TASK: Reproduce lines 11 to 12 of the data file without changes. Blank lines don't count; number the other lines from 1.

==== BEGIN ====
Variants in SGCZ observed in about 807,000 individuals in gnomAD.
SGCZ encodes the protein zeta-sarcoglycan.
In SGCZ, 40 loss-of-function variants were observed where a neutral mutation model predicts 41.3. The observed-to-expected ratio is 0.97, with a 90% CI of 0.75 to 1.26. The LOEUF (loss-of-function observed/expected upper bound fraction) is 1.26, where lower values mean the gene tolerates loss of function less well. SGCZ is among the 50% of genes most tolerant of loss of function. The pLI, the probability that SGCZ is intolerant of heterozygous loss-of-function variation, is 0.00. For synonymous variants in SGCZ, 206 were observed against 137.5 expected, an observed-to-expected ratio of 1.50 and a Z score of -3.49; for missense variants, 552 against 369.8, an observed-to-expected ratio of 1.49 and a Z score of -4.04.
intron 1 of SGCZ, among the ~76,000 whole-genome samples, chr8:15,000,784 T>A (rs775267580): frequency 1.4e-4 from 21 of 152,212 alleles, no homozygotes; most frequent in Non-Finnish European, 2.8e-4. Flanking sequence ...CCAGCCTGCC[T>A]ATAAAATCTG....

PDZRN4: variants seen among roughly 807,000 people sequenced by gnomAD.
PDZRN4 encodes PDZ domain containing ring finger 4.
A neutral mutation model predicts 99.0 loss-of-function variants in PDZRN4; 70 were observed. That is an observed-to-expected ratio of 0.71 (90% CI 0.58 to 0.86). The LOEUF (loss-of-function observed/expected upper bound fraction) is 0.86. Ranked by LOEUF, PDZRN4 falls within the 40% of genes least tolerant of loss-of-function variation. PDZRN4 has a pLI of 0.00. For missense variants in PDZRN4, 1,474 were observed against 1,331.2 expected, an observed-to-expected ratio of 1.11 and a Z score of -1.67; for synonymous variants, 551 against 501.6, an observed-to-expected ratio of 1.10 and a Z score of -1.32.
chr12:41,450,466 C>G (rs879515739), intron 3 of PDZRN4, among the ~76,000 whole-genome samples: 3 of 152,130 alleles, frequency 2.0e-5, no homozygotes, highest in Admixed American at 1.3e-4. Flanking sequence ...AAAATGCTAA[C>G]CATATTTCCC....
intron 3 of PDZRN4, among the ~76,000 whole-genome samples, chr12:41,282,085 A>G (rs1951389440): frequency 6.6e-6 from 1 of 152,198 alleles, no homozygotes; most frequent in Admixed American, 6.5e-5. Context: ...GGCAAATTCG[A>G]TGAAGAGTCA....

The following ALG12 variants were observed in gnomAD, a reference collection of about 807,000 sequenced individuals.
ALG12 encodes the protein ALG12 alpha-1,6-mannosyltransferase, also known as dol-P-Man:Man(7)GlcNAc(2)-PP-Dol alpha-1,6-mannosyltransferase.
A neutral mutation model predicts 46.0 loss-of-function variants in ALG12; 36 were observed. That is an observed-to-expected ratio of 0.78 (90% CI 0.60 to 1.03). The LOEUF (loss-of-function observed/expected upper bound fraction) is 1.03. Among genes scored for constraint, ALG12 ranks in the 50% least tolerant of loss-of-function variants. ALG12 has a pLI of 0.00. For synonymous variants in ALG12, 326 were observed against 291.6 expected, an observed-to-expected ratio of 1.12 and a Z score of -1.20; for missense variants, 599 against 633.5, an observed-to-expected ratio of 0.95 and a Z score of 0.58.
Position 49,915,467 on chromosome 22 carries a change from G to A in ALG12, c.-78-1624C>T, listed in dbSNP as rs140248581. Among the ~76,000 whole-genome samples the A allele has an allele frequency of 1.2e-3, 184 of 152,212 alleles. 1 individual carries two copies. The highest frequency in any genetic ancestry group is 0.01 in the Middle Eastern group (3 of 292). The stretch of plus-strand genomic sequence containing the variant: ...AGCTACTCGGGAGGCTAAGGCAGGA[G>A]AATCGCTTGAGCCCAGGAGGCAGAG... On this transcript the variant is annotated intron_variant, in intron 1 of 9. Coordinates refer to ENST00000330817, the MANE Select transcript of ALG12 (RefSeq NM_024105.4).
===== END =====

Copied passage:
ALG12 encodes the protein ALG12 alpha-1,6-mannosyltransferase, also known as dol-P-Man:Man(7)GlcNAc(2)-PP-Dol alpha-1,6-mannosyltransferase.
A neutral mutation model predicts 46.0 loss-of-function variants in ALG12; 36 were observed. That is an observed-to-expected ratio of 0.78 (90% CI 0.60 to 1.03). The LOEUF (loss-of-function observed/expected upper bound fraction) is 1.03. Among genes scored for constraint, ALG12 ranks in the 50% least tolerant of loss-of-function variants. ALG12 has a pLI of 0.00. For synonymous variants in ALG12, 326 were observed against 291.6 expected, an observed-to-expected ratio of 1.12 and a Z score of -1.20; for missense variants, 599 against 633.5, an observed-to-expected ratio of 0.95 and a Z score of 0.58.